Jan.4, 2013

Spiegel.de, one of the biggest newspaper in Germany, published an article "Technology May Bring New Industrial Revolution" explaining the principle of 3D printing technology, its widespread applications and unlimited potential. "Three-dimensional printing as currently practiced is a long, slow process. " but,

Companies will no longer be tied to the economies of scale that make mass production necessary for reducing costs. Even small production batches can be profitable.

 

More innovative products can be brought onto the market, since this method makes it easy to try out new ideas cheaply.

 

Changing a product's design no longer means the entire assembly line must be reworked as well. This shortens product cycles considerably and makes it possible to introduce improvements more quickly.

What role does Germany play in this 3D printing revolution?

Given the potentially vast global impact of this new technology, it's surprising that so far only around two dozen companies dominate the market. Along with US giants 3-D Systems and Stratasys, about 10 German companies provide this technology, some of them market leaders in their respective segments, for example Eos and Concept Laser, both in the southern state of Bavaria.

 

Some of these German 3-D printing specialists are growing at a rate that has some industry experts hoping this nascent digital industrial age will finally see the emergence of new innovation drivers "made in Germany." German companies are seen as leaders, especially when it comes to 3-D printing of metals.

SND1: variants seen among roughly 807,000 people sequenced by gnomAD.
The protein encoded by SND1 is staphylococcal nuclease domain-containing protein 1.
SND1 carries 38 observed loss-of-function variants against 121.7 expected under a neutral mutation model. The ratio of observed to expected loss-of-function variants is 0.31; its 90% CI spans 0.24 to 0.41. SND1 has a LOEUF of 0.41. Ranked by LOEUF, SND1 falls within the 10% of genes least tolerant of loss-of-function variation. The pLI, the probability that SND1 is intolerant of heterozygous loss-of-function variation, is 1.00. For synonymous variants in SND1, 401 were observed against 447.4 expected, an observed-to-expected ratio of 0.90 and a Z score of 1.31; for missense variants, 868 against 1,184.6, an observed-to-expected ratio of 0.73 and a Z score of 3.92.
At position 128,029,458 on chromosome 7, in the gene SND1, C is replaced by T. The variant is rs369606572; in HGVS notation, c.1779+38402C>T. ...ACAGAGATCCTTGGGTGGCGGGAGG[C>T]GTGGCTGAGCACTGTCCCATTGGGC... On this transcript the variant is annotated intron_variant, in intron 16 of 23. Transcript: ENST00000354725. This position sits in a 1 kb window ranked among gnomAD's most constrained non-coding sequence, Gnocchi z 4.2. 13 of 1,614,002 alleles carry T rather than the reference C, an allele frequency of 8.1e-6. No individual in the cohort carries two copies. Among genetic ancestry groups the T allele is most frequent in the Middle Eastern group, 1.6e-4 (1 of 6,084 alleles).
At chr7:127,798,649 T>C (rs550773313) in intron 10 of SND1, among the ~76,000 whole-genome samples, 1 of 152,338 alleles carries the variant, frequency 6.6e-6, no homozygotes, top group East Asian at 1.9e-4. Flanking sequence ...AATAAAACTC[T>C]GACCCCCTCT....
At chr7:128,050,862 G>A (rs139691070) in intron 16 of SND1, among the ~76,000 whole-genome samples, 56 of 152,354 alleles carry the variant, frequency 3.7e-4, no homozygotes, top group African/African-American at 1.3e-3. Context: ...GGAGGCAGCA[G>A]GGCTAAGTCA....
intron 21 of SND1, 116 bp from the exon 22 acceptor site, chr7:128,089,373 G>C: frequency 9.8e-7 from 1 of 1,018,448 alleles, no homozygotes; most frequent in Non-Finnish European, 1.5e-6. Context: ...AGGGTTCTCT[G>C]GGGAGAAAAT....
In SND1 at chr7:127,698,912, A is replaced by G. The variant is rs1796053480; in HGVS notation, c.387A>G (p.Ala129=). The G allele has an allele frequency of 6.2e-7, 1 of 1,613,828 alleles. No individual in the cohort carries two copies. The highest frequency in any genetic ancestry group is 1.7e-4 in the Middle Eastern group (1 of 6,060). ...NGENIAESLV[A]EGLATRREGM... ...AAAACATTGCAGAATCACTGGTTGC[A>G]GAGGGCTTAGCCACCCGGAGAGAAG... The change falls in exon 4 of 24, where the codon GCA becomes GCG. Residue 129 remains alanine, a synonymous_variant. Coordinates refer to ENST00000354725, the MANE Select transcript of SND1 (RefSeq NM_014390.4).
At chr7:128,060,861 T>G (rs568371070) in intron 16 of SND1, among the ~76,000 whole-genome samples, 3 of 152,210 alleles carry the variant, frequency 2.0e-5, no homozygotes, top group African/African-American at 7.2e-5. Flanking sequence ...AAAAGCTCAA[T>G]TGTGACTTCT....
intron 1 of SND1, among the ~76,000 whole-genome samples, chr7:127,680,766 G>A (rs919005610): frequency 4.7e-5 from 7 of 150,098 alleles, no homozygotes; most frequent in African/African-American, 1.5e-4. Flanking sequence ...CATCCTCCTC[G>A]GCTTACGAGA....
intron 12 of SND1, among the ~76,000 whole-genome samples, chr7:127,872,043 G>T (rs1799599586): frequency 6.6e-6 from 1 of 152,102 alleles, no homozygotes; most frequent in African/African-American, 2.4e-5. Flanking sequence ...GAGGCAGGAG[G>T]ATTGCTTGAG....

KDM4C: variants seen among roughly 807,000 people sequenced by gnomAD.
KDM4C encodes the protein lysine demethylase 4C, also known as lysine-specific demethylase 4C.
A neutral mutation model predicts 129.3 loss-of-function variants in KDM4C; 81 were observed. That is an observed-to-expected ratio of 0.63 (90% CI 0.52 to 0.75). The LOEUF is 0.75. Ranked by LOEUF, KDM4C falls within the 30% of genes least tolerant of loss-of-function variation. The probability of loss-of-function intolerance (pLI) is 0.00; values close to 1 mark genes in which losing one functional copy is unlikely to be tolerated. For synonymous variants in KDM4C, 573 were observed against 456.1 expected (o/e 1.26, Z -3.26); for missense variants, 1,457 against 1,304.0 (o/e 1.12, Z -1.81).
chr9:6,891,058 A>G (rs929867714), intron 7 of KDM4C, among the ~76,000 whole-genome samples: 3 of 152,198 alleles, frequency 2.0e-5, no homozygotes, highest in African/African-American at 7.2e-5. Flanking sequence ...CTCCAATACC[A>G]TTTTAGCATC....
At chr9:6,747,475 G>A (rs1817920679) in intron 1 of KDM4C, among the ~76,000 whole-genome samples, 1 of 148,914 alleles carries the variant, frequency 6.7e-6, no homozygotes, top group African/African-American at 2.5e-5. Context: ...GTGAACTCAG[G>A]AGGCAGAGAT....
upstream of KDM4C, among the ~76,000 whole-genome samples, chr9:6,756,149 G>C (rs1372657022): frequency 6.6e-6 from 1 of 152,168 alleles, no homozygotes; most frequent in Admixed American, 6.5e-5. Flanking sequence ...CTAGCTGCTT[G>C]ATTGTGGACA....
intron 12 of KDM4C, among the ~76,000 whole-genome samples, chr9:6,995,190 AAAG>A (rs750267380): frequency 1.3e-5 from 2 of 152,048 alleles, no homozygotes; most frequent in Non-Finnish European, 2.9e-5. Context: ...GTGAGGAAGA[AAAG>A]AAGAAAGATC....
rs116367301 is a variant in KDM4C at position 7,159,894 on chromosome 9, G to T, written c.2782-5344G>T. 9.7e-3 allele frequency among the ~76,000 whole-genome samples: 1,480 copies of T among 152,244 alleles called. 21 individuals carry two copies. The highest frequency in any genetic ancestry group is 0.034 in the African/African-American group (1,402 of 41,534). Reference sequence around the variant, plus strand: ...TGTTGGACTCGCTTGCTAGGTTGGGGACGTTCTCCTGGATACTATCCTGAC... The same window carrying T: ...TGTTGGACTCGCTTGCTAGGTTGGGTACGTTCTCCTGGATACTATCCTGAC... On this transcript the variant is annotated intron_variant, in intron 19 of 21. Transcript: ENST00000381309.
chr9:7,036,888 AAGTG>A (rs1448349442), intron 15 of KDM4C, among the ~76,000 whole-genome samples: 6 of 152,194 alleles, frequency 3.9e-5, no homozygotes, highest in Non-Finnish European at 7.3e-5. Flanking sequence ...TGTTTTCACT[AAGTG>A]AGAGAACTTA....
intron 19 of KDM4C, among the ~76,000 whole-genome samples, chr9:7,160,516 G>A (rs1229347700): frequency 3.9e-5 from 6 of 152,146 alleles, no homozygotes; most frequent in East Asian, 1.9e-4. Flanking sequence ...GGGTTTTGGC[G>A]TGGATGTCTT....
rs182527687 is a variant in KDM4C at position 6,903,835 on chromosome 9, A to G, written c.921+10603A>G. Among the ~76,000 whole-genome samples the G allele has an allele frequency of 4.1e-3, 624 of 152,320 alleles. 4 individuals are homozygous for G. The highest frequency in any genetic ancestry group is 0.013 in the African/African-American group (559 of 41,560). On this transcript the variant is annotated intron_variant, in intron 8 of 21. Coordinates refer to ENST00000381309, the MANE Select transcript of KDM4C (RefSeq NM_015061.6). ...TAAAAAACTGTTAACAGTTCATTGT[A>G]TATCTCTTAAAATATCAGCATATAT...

German company EOS is one of the leaders in such developments. This Bavarian high-tech company specializes in 3-D printers for industrial use, and these printers can cost anywhere from €150,000 to over €1 million. The 3D printing process Eos uses is known as laser sintering, it is used by large companies for quickly and cheaply developing prototypes and design studies, such as auto manufacturers, including those producing Formula 1 cars.

 

The company's sales have doubled over the last three years, reaching €105 million ($138 million). At the moment the total sales volume of this market remains fairly modest at $1.3 billion, but if the trend continues, it will multiply rapidly.

An patient-customized surgical device created by German company EOS. It may even someday be possible to sculpt human organs using the technology. | Image credit: Peter Schinzler/ DER SPIEGEL

However the new technology offers great opportunities for any manufacturer, but it also poses serious risks.

The 3-D printing process makes it easier for inventors to enter the market, but it makes things easier for copycats as well.

 

What will the implications be for a German mechanical engineering company when its clients in Mexico or Vietnam no longer need to import replacement parts from Stuttgart, but instead can acquire the digital 3-D blueprint and print their own parts? What will the implications be when a computer file is all that's needed to copy WMF silverware or Gucci sunglasses? One American company has already patented a copy protection mechanism for 3-D printing, and the mass market is likely to follow.

Read the full article here.

 

 

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Posted in 3D Printing Technology

 

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